I've generally been staying as far away as possible from CNN's new stinker of a show, which is the revival of Crossfire, but this Tuesday, the inclusion of Sen. Bernie Sanders as one of their panel members actually gave me a reason to sit through most of it.
Towards the end of the show, they spent some time arguing about the Senate filibuster rules and whether Republicans have been allowed to air their grievances over the Affordable Care Act or not, along with Ted Cruz and his stunt of a fake filibuster. Sen. Sanders took the opportunity to do what he does best, and advocate for working Americans out there, and the record income disparity and the fact that the Congress has done very little to get Americans back to work and rebuild our infrastructure.
So naturally, his fellow guest on the show, Sen. Lindsey Graham thought it was a perfect opportunity to make an offer to Sanders to "reform entitlements" in exchange for flattening the tax code. What a deal. Thankfully Sanders was there to remind the audience of just what Graham's "reforms" would mean for average Americans.
SANDERS: Let me just jump in and say I happen to think -- and by the way, Newt, when you were speaker, you ran a pretty tough ship there, as well, I recall.
But I happen to think that the rules in the Senate are pretty crazy. You or I could go down there and basically stop the entire United States government. One person could do that. Is that what democracy is about? I don't really think so.
But here's the point. Lindsey correctly says there are some bills that he thinks are not getting to the floor that might pass. Fair enough. But let me tell you something else. I happen to believe that the reason that Congress is now held in such contempt is the American people are hurting very badly. Middle class, in my view, is collapsing. Poverty numbers are at an all-time high, and the gap between the very, very rich and everybody else is growing wider.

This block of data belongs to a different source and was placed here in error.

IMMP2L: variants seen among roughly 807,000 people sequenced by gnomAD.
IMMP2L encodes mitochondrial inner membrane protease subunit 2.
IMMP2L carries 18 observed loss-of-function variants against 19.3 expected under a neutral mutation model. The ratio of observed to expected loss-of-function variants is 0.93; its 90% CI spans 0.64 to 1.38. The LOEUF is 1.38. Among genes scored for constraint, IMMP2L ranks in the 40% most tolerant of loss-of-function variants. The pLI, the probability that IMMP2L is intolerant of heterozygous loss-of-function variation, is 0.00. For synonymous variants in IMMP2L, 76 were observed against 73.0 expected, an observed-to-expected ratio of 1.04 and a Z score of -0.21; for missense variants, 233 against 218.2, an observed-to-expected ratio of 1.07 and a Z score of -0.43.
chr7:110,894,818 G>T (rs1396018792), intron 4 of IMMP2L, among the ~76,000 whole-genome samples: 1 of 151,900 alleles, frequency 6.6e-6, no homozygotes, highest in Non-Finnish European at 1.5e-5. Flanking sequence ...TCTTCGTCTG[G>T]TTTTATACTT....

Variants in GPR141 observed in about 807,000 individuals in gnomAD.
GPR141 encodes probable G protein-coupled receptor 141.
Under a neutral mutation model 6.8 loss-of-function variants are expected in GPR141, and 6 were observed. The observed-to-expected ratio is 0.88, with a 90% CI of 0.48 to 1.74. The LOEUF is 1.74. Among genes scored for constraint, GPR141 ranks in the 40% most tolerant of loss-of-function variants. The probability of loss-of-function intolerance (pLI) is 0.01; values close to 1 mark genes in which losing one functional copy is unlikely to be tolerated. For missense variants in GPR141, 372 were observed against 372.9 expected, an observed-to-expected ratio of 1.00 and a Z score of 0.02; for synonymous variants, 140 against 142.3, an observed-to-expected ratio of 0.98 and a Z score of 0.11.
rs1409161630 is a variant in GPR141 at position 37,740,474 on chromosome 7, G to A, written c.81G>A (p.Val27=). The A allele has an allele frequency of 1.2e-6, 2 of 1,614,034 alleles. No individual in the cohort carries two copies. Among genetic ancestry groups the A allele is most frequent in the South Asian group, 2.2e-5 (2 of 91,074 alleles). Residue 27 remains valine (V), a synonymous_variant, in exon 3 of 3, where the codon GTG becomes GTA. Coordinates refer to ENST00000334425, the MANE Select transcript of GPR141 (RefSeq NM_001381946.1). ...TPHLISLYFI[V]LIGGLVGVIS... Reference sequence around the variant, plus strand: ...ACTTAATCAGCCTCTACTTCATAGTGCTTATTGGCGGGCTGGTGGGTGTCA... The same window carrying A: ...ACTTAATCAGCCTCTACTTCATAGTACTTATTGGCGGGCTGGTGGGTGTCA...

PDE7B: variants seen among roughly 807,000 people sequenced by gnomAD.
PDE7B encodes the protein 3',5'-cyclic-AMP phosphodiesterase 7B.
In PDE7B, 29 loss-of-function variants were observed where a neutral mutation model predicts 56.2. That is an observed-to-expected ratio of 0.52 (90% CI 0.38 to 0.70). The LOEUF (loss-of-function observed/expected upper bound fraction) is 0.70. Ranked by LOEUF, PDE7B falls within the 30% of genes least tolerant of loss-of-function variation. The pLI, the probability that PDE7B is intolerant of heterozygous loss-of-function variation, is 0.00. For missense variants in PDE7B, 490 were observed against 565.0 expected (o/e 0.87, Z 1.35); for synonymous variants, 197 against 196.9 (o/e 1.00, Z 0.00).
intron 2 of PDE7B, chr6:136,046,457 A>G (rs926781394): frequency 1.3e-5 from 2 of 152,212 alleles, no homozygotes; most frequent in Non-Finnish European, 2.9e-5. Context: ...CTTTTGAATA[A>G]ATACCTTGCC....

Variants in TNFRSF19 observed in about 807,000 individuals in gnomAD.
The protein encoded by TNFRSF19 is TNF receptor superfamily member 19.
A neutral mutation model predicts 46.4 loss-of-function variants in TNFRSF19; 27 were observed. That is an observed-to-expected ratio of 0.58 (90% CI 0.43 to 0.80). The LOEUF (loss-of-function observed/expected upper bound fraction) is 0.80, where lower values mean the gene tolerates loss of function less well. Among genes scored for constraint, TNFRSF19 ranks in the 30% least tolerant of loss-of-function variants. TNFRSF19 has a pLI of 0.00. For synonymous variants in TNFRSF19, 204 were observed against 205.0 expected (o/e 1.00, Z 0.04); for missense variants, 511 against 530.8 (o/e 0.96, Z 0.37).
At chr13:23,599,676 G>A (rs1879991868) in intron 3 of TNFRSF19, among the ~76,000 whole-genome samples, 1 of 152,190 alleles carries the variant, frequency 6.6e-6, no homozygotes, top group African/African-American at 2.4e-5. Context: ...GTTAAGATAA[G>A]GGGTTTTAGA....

JONES: And they blame Obama for that. Do you blame Obama for that?
SANDERS: No. I mean, it's a -- you know, it's a long-term trend.
JONES: Just checking. Just checking.
SANDERS: The bottom line is, what do the American people want, Lindsey? They want us to create jobs.
SANDERS: They want us to rebuild a crumbling infrastructure and create millions of jobs. They want us, in my view -- Newt, you quoted polls -- to raise the minimum wage substantially above where it is now. They want us to end these absurd loopholes that billionaires and corporations enjoy.
One out of four corporations doesn't pay a nickel in taxes. And Republicans are saying, "Oh, we have to cut 4 million people from Food Stamps."
GRAHAM: Bernie, if I -- if I was willing to flatten the tax code and take deductions away from the wealthy to pay down debt, would you reform entitlements by extending the age, based on the fact we're all living like Strom Thurmond?
SANDERS: Absolutely not. Not at a time where we have so much...
GRAHAM: That was a moment of bipartisanship that quickly passed.
SANDERS: Now let me ask you. Let me ask you.
SANDERS: At a time when the top 1 percent own 38 percent of the wealth in America and the bottom 60 percent own all of 2.3 percent, will you work with me to ask the wealthy to start paying their fair share of taxes so we can deal with...?
GRAHAM: Here's what I will do. I will create a tax code that creates jobs for more Americans, because that's a good thing. But I would tell the wealthy people of this country, when it comes to Medicare, you're not going to get any more subsidies. When it comes to Social Security, you're going to have to take less, because we can't afford to give everybody what we promised.